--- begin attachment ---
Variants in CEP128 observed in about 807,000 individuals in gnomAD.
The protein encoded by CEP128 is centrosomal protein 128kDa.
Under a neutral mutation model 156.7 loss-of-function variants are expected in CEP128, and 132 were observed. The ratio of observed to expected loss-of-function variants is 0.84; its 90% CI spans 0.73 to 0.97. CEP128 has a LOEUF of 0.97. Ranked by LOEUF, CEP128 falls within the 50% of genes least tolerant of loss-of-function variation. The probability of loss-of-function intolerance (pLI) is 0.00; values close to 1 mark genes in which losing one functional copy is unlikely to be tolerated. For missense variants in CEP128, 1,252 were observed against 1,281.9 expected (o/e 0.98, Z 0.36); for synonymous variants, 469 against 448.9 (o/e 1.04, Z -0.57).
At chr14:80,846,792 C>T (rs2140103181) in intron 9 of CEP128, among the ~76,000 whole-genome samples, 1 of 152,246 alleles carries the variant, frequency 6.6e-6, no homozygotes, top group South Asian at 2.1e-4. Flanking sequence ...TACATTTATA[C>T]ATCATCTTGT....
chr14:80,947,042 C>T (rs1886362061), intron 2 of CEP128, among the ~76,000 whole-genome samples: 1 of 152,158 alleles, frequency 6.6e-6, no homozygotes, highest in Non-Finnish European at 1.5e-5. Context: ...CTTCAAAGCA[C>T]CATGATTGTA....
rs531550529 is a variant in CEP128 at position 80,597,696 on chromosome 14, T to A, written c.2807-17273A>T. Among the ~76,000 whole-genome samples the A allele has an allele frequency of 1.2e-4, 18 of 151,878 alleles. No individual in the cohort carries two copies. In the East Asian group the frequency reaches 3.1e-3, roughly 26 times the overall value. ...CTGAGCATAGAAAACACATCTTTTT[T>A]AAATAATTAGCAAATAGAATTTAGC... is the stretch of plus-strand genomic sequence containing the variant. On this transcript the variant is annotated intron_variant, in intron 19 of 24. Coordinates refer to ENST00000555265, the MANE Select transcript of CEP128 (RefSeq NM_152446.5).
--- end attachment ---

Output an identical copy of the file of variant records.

Variants in CEP128 observed in about 807,000 individuals in gnomAD.
The protein encoded by CEP128 is centrosomal protein 128kDa.
Under a neutral mutation model 156.7 loss-of-function variants are expected in CEP128, and 132 were observed. The ratio of observed to expected loss-of-function variants is 0.84; its 90% CI spans 0.73 to 0.97. CEP128 has a LOEUF of 0.97. Ranked by LOEUF, CEP128 falls within the 50% of genes least tolerant of loss-of-function variation. The probability of loss-of-function intolerance (pLI) is 0.00; values close to 1 mark genes in which losing one functional copy is unlikely to be tolerated. For missense variants in CEP128, 1,252 were observed against 1,281.9 expected (o/e 0.98, Z 0.36); for synonymous variants, 469 against 448.9 (o/e 1.04, Z -0.57).
At chr14:80,846,792 C>T (rs2140103181) in intron 9 of CEP128, among the ~76,000 whole-genome samples, 1 of 152,246 alleles carries the variant, frequency 6.6e-6, no homozygotes, top group South Asian at 2.1e-4. Flanking sequence ...TACATTTATA[C>T]ATCATCTTGT....
chr14:80,947,042 C>T (rs1886362061), intron 2 of CEP128, among the ~76,000 whole-genome samples: 1 of 152,158 alleles, frequency 6.6e-6, no homozygotes, highest in Non-Finnish European at 1.5e-5. Context: ...CTTCAAAGCA[C>T]CATGATTGTA....
rs531550529 is a variant in CEP128 at position 80,597,696 on chromosome 14, T to A, written c.2807-17273A>T. Among the ~76,000 whole-genome samples the A allele has an allele frequency of 1.2e-4, 18 of 151,878 alleles. No individual in the cohort carries two copies. In the East Asian group the frequency reaches 3.1e-3, roughly 26 times the overall value. ...CTGAGCATAGAAAACACATCTTTTT[T>A]AAATAATTAGCAAATAGAATTTAGC... is the stretch of plus-strand genomic sequence containing the variant. On this transcript the variant is annotated intron_variant, in intron 19 of 24. Coordinates refer to ENST00000555265, the MANE Select transcript of CEP128 (RefSeq NM_152446.5).